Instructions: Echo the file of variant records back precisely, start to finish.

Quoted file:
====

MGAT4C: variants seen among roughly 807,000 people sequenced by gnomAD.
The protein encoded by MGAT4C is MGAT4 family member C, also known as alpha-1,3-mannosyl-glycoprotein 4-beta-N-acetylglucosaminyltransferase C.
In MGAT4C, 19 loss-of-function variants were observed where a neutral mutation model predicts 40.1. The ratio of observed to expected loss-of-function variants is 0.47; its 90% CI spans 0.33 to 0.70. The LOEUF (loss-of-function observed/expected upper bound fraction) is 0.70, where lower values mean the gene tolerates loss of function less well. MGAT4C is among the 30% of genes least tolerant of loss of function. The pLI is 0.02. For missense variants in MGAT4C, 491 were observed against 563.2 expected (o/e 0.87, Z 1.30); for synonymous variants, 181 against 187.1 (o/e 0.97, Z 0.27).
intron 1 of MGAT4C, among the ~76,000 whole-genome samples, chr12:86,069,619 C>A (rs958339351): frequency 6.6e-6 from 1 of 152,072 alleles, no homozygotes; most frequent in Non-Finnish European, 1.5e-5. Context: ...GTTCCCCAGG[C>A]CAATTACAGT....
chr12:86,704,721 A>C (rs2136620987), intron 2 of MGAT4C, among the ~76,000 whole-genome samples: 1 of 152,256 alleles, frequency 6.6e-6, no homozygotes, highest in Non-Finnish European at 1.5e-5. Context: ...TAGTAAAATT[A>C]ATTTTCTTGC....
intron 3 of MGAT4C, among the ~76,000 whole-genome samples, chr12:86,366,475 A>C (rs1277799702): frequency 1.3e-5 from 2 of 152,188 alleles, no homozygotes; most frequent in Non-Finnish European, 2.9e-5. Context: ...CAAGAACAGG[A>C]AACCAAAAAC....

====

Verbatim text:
MGAT4C: variants seen among roughly 807,000 people sequenced by gnomAD.
The protein encoded by MGAT4C is MGAT4 family member C, also known as alpha-1,3-mannosyl-glycoprotein 4-beta-N-acetylglucosaminyltransferase C.
In MGAT4C, 19 loss-of-function variants were observed where a neutral mutation model predicts 40.1. The ratio of observed to expected loss-of-function variants is 0.47; its 90% CI spans 0.33 to 0.70. The LOEUF (loss-of-function observed/expected upper bound fraction) is 0.70, where lower values mean the gene tolerates loss of function less well. MGAT4C is among the 30% of genes least tolerant of loss of function. The pLI is 0.02. For missense variants in MGAT4C, 491 were observed against 563.2 expected (o/e 0.87, Z 1.30); for synonymous variants, 181 against 187.1 (o/e 0.97, Z 0.27).
intron 1 of MGAT4C, among the ~76,000 whole-genome samples, chr12:86,069,619 C>A (rs958339351): frequency 6.6e-6 from 1 of 152,072 alleles, no homozygotes; most frequent in Non-Finnish European, 1.5e-5. Context: ...GTTCCCCAGG[C>A]CAATTACAGT....
chr12:86,704,721 A>C (rs2136620987), intron 2 of MGAT4C, among the ~76,000 whole-genome samples: 1 of 152,256 alleles, frequency 6.6e-6, no homozygotes, highest in Non-Finnish European at 1.5e-5. Context: ...TAGTAAAATT[A>C]ATTTTCTTGC....
intron 3 of MGAT4C, among the ~76,000 whole-genome samples, chr12:86,366,475 A>C (rs1277799702): frequency 1.3e-5 from 2 of 152,188 alleles, no homozygotes; most frequent in Non-Finnish European, 2.9e-5. Context: ...CAAGAACAGG[A>C]AACCAAAAAC....